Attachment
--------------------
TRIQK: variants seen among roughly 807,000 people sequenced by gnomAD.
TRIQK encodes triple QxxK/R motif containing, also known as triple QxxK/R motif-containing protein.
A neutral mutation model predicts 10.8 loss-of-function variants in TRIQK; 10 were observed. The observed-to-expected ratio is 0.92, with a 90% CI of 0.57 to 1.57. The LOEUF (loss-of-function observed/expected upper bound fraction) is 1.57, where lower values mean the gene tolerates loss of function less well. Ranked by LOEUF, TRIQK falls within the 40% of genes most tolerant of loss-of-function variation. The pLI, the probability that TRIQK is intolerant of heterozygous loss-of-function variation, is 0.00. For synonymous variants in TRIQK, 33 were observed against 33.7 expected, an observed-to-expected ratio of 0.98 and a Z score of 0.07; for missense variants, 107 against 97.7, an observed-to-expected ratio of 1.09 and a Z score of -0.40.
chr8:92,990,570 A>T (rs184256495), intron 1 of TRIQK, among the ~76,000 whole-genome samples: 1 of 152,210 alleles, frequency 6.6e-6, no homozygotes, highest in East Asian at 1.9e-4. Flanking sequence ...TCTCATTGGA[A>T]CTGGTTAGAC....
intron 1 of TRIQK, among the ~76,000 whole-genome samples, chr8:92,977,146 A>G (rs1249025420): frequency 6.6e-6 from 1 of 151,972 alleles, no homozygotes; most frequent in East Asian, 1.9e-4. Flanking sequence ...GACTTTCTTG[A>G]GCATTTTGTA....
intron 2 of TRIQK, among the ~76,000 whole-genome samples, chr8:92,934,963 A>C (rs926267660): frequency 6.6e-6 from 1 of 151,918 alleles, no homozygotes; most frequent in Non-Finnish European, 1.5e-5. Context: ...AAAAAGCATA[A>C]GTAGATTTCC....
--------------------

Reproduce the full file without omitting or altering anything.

TRIQK: variants seen among roughly 807,000 people sequenced by gnomAD.
TRIQK encodes triple QxxK/R motif containing, also known as triple QxxK/R motif-containing protein.
A neutral mutation model predicts 10.8 loss-of-function variants in TRIQK; 10 were observed. The observed-to-expected ratio is 0.92, with a 90% CI of 0.57 to 1.57. The LOEUF (loss-of-function observed/expected upper bound fraction) is 1.57, where lower values mean the gene tolerates loss of function less well. Ranked by LOEUF, TRIQK falls within the 40% of genes most tolerant of loss-of-function variation. The pLI, the probability that TRIQK is intolerant of heterozygous loss-of-function variation, is 0.00. For synonymous variants in TRIQK, 33 were observed against 33.7 expected, an observed-to-expected ratio of 0.98 and a Z score of 0.07; for missense variants, 107 against 97.7, an observed-to-expected ratio of 1.09 and a Z score of -0.40.
chr8:92,990,570 A>T (rs184256495), intron 1 of TRIQK, among the ~76,000 whole-genome samples: 1 of 152,210 alleles, frequency 6.6e-6, no homozygotes, highest in East Asian at 1.9e-4. Flanking sequence ...TCTCATTGGA[A>T]CTGGTTAGAC....
intron 1 of TRIQK, among the ~76,000 whole-genome samples, chr8:92,977,146 A>G (rs1249025420): frequency 6.6e-6 from 1 of 151,972 alleles, no homozygotes; most frequent in East Asian, 1.9e-4. Flanking sequence ...GACTTTCTTG[A>G]GCATTTTGTA....
intron 2 of TRIQK, among the ~76,000 whole-genome samples, chr8:92,934,963 A>C (rs926267660): frequency 6.6e-6 from 1 of 151,918 alleles, no homozygotes; most frequent in Non-Finnish European, 1.5e-5. Context: ...AAAAAGCATA[A>C]GTAGATTTCC....